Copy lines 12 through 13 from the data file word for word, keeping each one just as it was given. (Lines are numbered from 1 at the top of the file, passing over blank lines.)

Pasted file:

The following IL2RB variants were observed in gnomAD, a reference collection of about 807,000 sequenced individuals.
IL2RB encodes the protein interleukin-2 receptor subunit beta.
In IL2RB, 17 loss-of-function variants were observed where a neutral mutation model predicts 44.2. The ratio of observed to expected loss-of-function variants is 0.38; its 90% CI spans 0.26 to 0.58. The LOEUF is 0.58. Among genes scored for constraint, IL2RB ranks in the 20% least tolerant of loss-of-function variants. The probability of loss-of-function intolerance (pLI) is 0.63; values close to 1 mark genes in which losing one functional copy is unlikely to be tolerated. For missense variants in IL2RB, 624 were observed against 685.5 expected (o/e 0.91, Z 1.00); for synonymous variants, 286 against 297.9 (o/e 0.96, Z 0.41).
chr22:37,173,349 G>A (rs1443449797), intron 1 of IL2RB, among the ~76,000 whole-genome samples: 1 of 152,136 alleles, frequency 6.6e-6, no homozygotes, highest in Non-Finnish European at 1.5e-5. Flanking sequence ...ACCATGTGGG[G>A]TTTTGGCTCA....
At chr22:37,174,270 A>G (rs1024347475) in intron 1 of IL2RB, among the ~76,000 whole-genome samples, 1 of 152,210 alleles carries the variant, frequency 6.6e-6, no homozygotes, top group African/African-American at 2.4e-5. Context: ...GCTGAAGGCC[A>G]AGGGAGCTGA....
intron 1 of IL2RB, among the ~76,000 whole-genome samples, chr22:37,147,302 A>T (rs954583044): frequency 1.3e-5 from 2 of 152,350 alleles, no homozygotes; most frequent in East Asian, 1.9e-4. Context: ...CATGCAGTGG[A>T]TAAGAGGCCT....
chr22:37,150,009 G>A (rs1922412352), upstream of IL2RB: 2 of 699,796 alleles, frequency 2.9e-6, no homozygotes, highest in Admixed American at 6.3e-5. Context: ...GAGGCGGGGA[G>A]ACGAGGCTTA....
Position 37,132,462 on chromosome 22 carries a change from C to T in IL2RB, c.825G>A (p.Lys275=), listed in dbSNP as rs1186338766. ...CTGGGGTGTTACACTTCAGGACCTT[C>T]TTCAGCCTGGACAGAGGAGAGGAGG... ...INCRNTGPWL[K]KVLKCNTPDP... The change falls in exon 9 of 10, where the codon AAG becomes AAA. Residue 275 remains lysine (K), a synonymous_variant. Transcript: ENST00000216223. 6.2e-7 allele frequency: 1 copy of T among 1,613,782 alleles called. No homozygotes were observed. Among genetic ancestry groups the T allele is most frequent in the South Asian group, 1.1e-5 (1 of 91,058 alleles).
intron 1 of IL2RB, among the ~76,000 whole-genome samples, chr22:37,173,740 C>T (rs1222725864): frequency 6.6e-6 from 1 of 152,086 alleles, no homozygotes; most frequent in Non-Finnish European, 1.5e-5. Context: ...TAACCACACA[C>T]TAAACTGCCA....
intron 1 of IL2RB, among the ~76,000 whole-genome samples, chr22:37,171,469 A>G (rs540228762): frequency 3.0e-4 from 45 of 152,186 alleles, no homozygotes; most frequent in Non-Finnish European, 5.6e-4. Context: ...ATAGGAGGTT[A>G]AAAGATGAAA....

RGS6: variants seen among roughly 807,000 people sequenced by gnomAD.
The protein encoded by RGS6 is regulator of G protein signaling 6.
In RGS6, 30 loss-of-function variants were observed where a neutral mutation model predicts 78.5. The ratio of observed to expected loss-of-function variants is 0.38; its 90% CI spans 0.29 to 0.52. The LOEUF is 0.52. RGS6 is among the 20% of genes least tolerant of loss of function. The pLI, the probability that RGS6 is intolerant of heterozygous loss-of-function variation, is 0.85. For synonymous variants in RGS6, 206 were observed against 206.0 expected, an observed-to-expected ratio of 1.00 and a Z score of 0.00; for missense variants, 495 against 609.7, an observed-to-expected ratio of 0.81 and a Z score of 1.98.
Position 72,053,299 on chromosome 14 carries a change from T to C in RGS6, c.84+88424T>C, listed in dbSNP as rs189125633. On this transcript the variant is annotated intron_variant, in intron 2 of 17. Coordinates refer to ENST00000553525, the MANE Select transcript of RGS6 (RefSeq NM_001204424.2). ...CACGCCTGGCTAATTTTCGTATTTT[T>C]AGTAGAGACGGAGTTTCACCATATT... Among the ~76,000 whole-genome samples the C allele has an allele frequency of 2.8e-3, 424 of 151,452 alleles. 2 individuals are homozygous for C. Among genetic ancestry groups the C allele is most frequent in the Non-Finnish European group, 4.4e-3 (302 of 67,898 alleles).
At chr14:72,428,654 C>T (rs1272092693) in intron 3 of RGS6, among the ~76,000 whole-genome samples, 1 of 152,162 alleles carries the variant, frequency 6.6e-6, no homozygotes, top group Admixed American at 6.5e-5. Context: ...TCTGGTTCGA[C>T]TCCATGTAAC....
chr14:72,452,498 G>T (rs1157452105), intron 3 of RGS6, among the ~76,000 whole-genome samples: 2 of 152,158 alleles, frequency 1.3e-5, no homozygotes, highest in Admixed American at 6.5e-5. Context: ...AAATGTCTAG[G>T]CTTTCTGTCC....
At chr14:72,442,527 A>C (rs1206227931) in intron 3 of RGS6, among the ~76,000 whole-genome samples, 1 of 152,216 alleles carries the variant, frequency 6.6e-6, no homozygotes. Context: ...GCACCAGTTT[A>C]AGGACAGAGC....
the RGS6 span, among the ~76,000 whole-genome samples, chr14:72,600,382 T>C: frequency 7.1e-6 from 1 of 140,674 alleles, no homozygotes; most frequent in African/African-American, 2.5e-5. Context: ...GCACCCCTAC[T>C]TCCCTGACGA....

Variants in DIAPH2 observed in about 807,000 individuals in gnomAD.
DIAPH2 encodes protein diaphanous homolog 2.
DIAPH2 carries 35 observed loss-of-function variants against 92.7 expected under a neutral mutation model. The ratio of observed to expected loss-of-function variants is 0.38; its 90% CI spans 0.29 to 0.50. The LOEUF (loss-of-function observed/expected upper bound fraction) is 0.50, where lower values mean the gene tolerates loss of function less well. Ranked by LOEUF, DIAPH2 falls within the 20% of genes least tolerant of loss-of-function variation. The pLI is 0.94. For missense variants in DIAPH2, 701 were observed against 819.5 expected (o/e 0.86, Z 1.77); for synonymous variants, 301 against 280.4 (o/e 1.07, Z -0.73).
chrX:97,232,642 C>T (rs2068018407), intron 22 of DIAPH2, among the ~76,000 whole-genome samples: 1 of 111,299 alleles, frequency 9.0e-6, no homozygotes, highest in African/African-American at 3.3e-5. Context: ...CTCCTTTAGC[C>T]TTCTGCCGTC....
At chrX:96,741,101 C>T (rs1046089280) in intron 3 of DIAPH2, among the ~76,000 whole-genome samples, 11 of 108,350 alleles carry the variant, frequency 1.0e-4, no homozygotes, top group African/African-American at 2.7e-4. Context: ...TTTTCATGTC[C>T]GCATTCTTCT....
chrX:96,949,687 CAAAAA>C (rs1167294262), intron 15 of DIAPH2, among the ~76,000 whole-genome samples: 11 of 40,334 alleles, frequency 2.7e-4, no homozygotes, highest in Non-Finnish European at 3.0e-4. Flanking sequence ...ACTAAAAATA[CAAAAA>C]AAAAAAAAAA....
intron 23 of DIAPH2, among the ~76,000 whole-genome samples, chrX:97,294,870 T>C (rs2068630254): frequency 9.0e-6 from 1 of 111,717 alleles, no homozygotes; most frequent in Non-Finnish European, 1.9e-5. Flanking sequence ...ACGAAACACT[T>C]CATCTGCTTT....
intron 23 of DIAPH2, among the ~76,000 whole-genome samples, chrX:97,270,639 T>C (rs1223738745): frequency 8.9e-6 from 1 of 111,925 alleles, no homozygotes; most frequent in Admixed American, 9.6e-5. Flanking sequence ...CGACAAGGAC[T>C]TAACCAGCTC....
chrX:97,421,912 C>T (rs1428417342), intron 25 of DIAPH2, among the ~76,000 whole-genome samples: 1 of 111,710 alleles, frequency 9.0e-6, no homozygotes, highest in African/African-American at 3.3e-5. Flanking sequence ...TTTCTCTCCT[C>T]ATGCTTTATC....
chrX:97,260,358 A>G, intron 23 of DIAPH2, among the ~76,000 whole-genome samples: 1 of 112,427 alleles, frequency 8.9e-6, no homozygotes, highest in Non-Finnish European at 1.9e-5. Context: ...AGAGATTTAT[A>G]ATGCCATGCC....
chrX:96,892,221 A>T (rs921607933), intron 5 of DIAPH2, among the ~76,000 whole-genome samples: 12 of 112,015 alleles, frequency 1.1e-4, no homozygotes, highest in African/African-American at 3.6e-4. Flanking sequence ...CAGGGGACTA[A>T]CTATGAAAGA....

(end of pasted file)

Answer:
The protein encoded by RGS6 is regulator of G protein signaling 6.
In RGS6, 30 loss-of-function variants were observed where a neutral mutation model predicts 78.5. The ratio of observed to expected loss-of-function variants is 0.38; its 90% CI spans 0.29 to 0.52. The LOEUF is 0.52. RGS6 is among the 20% of genes least tolerant of loss of function. The pLI, the probability that RGS6 is intolerant of heterozygous loss-of-function variation, is 0.85. For synonymous variants in RGS6, 206 were observed against 206.0 expected, an observed-to-expected ratio of 1.00 and a Z score of 0.00; for missense variants, 495 against 609.7, an observed-to-expected ratio of 0.81 and a Z score of 1.98.